A distribution board is a panel or enclosure that houses the fuses, circuit breakers, and ground leakage protection units used to distribute electrical power to numerous individual circuits or consumer points. The board typically has a single incoming power source and includes a main circuit breaker and a residual current or earth leakage protection device. Older distribution boards may include a series of fuses which supply the individual circuits; newer installations typically feature mini circuit breakers. A distribution board may be used to distribute either single or three phase supplies depending on the installation specifics. Although distribution board equipment, layouts, and legislative requirements differ from country to country, the basic principles of “distributing” a single supply to various individual points while ensuring safety and control for each remains the same.

Distribution boards are common place in most industrial installations and commercial or residential buildings. Most consist of a panel or enclosure supplied with a single incoming electrical feed cable. The power is then split among several small circuit breakers or, in the case of older boards, fuses which in turn feed power to different consumption points or circuits. The core function of any distribution board is to allow individual circuits to draw power from correctly rated circuit breakers and for those circuits to be isolated without causing a disruption to the rest of the supply. Most importantly though, the distribution board offers protection to users and equipment from electrical shock or fire resulting from ground faults.

Most distribution boards feature a single incoming supply cable feeding multi- or single-phase power to the board. The live feed from this cable is generally first connected to a main breaker, fuse, or residual current detector (RCD). These components allow the whole board to be isolated for repairs in the case of a main breaker or fuse while the RCD protects against ground fault shock and fire hazards. In the case of a single phase supply, the live feed is taken from the main breaker or RCD and bridged across the top of a series of individual fuses or mini circuit breakers. Multiphase supplies typically have several circuit breakers for each phase and with each group bridged along their incoming terminals. The neutral and earth cores of the supply cable are then connected to separate busway bars.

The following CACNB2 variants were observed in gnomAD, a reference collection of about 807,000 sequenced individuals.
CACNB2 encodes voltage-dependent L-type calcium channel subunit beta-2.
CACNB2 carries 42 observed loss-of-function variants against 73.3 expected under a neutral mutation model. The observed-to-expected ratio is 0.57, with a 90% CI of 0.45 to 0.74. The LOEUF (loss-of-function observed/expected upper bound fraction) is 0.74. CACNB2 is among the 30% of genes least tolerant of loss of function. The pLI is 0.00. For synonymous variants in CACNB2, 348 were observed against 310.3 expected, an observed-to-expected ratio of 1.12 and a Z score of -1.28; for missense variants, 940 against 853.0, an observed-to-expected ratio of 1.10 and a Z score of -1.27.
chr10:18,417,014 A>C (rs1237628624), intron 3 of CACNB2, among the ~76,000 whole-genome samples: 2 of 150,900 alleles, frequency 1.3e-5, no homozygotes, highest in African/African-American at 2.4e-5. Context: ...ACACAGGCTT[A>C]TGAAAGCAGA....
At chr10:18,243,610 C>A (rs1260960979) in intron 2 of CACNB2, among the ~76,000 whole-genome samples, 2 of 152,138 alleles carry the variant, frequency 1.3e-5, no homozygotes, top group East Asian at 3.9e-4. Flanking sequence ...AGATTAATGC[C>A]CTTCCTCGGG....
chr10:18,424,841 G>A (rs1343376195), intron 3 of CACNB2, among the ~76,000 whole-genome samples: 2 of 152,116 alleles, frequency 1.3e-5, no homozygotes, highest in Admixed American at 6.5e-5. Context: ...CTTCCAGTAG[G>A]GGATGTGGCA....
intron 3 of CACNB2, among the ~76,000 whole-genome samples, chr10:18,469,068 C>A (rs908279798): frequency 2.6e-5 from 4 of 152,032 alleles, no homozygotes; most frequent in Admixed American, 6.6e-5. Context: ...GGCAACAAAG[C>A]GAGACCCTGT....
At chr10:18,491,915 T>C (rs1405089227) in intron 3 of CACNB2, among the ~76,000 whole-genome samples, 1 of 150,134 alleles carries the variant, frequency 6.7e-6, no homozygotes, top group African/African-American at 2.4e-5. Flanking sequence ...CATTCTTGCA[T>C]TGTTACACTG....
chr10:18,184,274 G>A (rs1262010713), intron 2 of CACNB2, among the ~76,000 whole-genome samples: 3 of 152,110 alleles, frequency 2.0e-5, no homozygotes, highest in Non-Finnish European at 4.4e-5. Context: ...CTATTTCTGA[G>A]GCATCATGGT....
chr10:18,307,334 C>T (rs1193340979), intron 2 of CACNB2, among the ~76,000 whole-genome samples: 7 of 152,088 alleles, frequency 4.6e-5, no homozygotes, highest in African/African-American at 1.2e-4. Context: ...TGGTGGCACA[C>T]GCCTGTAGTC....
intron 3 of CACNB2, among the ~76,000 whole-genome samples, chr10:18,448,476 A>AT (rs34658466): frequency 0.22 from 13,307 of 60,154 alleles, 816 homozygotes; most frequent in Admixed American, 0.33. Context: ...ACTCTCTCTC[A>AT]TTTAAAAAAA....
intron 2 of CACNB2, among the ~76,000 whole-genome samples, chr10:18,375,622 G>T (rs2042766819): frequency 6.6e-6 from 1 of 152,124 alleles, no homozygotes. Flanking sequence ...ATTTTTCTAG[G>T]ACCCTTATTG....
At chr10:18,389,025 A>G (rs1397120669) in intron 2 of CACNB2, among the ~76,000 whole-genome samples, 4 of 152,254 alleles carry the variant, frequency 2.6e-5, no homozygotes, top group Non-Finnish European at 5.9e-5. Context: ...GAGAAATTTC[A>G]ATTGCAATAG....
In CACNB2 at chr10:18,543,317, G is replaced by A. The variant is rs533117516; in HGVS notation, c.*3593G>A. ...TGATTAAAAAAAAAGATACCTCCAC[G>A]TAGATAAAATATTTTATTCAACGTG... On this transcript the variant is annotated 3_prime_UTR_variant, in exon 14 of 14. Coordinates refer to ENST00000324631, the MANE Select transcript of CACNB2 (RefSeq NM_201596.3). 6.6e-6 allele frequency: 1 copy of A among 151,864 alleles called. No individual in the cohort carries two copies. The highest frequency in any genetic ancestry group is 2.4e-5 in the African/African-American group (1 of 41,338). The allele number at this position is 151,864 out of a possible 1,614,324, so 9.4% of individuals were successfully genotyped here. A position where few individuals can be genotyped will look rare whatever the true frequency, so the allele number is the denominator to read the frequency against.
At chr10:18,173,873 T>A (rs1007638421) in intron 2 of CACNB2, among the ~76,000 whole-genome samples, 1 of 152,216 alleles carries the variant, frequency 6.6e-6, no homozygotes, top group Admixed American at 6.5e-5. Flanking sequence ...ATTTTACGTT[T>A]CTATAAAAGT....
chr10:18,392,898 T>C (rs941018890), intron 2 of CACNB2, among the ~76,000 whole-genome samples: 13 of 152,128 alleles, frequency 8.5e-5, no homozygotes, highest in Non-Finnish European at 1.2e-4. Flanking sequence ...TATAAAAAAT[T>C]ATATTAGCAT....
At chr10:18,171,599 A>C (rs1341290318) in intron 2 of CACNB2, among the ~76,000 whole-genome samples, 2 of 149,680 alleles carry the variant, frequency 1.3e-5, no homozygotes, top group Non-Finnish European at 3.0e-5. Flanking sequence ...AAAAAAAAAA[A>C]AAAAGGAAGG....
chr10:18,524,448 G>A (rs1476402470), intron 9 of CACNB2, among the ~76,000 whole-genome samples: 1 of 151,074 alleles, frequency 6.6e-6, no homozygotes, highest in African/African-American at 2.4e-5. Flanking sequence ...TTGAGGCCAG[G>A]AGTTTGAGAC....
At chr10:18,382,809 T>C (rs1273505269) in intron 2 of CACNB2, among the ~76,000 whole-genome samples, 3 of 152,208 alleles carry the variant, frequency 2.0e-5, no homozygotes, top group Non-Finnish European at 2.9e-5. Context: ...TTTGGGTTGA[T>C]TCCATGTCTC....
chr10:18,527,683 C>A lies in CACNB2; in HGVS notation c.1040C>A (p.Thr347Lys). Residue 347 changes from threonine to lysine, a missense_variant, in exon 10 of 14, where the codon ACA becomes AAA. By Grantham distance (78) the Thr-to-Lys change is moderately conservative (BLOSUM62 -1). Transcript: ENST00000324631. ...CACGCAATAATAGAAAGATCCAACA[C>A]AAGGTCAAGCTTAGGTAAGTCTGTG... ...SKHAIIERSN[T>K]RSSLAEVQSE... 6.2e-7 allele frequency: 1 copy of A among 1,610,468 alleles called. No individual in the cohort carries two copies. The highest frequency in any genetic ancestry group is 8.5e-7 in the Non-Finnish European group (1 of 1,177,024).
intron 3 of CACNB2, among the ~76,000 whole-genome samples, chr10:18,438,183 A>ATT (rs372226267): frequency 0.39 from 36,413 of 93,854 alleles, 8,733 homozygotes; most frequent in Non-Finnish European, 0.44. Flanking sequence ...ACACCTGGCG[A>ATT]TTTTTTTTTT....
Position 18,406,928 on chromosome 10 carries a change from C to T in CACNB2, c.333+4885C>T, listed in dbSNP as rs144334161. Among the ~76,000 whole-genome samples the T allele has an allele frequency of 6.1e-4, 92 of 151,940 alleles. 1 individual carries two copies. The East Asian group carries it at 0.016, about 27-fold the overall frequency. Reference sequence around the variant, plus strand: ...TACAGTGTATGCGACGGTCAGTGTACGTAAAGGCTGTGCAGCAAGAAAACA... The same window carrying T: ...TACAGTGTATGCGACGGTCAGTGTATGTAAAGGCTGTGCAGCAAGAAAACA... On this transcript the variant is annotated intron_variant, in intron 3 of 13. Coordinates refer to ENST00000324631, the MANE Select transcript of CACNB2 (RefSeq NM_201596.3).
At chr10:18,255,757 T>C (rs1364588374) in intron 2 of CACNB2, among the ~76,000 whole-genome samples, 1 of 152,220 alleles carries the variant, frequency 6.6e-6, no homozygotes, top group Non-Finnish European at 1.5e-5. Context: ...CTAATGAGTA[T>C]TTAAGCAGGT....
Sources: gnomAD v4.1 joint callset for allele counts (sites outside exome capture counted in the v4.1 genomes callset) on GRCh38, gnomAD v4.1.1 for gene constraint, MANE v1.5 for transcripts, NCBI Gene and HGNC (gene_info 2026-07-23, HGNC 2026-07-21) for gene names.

Cables from the individual power outlets, light circuits, or machine points are then inserted into the distribution board on the opposite side of the supply cable. The live leads from each cable are connected to suitably rated circuit breakers and the neutral and ground leads to the appropriate busway bars. This creates a distribution environment where each circuit is fed by a suitable circuit breaker and may be isolated if the need arises without disrupting the rest of the supply.

The most important part of any distribution board is, however, the RCD. This is the component which stands between the circuit user and potentially fatal electric shocks and catastrophic fires. For this reason, these units should be correctly rated, regularly tested, and never bypassed. The cause of a tripped breaker or blown fuse should also always be investigated prior to a reset to avoid possible damage to equipment or appliances and electrical shock.

About Mechanics is dedicated to providing accurate and trustworthy information. We carefully select reputable sources and employ a rigorous fact-checking process to maintain the highest standards. To learn more about our commitment to accuracy, read our editorial process.
Discussion Comments
About Mechanics, in your inbox

Our latest articles, guides, and more, delivered daily.

About Mechanics, in your inbox

Our latest articles, guides, and more, delivered daily.